Outcomes An enhanced understanding of the potential challenges and solutions that all researchers are confronted with in the field. It is also the chance to ask focused questions to experienced scholars about fieldwork in specific places, for e.g. on conflict in Sudan or environmental related research in the Amazon.
Questions and registration Please address any questions to Francis O’Connor firstname.lastname@example.org Registration is mandatory: please register at the following link as in-person places are limited due to ongoing COVID restrictions. It is also possible to participate online.
When and where Date: Wed 31 August 2022 14:00 to 17:00 Venue: Leeuwenborch, building number 201
Mampilly, Zachariah C. (2020). “The Field is Everywhere.” In Szekely, Ora and Peter Krause (eds). Stories from the Field: A Guide to Navigating Fieldwork in Political Science. New York: Columbia University Press. Available: https://wur.on.worldcat.org/oclc/1129394607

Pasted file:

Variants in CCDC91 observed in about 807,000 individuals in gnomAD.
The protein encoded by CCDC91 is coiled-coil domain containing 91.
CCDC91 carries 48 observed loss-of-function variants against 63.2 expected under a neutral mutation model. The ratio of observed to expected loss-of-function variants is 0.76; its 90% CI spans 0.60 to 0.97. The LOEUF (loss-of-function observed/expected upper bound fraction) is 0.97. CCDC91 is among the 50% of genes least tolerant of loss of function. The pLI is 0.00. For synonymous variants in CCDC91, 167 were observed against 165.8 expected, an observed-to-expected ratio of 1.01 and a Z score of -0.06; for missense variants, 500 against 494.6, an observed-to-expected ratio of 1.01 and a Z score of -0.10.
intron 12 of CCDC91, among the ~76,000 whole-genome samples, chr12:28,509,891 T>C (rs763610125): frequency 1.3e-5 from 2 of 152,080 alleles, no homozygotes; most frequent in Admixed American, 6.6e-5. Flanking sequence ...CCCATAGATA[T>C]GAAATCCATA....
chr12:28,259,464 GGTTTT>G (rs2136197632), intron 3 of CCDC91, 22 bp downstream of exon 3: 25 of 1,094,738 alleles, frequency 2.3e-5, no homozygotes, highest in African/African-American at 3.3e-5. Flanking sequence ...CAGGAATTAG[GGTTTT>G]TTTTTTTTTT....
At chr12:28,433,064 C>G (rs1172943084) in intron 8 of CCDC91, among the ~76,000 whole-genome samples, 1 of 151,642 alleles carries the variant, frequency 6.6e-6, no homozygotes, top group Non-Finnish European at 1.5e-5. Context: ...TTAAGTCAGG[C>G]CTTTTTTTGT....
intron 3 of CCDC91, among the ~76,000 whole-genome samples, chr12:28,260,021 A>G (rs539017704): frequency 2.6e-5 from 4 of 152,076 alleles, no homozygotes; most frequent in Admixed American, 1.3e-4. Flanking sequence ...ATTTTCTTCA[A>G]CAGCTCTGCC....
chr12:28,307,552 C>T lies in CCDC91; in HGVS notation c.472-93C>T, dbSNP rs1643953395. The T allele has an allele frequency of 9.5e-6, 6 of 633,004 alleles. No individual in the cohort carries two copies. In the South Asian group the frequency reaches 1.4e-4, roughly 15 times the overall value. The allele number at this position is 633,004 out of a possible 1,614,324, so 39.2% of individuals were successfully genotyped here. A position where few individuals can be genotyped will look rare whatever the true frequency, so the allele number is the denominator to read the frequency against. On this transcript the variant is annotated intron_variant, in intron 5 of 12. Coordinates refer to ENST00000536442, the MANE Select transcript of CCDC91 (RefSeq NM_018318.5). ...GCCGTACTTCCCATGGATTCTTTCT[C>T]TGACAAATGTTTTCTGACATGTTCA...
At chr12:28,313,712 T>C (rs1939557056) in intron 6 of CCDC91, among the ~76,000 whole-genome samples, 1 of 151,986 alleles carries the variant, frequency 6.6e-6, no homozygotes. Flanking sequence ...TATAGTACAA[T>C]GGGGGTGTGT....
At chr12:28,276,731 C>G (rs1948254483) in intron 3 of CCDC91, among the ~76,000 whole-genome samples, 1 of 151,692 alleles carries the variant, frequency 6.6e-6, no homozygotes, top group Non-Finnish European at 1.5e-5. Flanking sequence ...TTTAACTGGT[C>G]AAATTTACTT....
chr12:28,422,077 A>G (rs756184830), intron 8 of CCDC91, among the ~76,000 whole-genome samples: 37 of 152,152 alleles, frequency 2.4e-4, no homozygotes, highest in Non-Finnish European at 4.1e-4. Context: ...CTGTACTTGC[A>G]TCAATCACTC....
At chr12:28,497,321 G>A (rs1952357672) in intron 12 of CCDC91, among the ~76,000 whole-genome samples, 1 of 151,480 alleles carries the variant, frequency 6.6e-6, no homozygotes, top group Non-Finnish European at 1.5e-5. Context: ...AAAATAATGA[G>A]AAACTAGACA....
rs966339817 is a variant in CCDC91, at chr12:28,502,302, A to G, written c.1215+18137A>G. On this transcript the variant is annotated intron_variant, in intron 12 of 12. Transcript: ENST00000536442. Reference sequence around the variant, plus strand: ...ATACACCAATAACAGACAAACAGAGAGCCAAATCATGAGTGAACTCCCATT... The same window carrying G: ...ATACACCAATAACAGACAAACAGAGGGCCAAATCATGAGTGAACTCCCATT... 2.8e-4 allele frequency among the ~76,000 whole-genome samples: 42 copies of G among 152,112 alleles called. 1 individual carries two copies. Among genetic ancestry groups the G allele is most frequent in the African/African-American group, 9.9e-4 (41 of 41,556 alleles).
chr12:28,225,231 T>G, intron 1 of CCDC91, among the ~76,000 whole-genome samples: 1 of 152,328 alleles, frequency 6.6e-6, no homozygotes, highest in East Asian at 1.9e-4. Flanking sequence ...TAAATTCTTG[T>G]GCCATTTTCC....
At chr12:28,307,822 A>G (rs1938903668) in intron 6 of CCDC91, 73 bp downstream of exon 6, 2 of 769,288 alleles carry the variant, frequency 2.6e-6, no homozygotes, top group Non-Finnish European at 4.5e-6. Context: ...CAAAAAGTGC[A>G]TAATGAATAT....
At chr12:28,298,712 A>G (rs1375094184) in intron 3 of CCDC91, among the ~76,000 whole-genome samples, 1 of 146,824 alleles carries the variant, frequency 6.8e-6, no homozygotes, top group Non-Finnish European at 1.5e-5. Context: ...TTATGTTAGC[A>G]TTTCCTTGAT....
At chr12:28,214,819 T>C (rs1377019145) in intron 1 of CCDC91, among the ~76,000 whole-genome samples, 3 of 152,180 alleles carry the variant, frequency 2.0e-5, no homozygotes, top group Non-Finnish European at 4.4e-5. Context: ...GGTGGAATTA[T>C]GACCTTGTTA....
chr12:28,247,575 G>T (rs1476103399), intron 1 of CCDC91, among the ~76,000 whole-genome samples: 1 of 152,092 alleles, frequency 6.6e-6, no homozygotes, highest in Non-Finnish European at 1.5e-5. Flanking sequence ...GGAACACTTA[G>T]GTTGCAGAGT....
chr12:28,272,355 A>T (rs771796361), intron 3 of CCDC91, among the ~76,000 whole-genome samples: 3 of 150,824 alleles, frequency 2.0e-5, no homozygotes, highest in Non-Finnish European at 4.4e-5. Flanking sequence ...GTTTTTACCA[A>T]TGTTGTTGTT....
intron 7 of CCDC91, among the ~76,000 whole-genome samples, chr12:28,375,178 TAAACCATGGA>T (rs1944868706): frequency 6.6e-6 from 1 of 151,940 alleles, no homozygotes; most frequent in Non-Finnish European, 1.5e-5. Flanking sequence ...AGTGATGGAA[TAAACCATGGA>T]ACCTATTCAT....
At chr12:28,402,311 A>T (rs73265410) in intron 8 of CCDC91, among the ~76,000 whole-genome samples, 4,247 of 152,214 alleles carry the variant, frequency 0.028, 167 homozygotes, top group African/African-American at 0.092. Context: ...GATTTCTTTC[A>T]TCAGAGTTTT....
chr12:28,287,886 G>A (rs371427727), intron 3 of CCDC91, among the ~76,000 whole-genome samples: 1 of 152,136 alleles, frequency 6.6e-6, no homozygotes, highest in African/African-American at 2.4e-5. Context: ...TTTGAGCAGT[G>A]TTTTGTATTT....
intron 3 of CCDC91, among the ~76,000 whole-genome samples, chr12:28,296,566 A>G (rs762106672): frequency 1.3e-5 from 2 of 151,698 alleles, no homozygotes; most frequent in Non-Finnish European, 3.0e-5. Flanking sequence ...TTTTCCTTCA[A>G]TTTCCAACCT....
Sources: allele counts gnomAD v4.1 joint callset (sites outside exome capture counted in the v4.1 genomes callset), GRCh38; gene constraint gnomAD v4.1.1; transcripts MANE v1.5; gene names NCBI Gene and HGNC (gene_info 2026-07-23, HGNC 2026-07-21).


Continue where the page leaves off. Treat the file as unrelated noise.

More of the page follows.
Abstract Regenerative agriculture is a diverse, highly contested, and rapidly developing sustainable agriculture movement. It has been lauded for its transformative potential, and criticized for its incoherence and susceptibility for corporate co-option. At the heart of regenerative agriculture is an effort to engage with soil life rather than bypass it; this ethos and the messiness of the movement indicate that a range of novel human-soil relations may emerge within this space. Semi-structured interviews were conducted with members of intermediary organizations – research institutes, consultants, and NGOs, among others– that are active in promotion and advocacy for adoption of regenerative practices in order to explore these changing human-soil relations. Interviews focused on conceptualizations of soil (life), forms of analysis and knowledge production around soils, regenerative soil management, and the larger goals of regenerative agriculture, including addressing climate change and improving the economic situation of farmers. Results were subject to narrative analysis, which indicated that respondents acknowledged the fact that soils are living, rather than inert substrates reducible to chemical and physical criteria. Soil biology was understood and engaged with to different extents, and a wide range of analytical tools were used to scrutinize soil, including microscopy, genetic testing, measurement of soil organic carbon, among others. Overall, narratives indicate that a wide range of human-soil relations can be identified within regenerative agriculture, including care, exploitation, and relatively novel mechanisms of commodification and financialization of soil life through the development of soil carbon credits. Further, results indicate that this variation is produced by differences in human approaches to understanding, analyzing, and managing soil life; different approaches to producing knowledge about soils facilitates the creation of different kinds of relations. Building on the narratives, it is argued that the human should be theoretically (re)centered in the social science study of regenerative agriculture and human-soil relations, in order to maintain a uniquely human sense of responsibility to address, among other challenges, climate change. Similarly, the role of alternative ontological outlooks on soils and nature in food system transformation is discussed.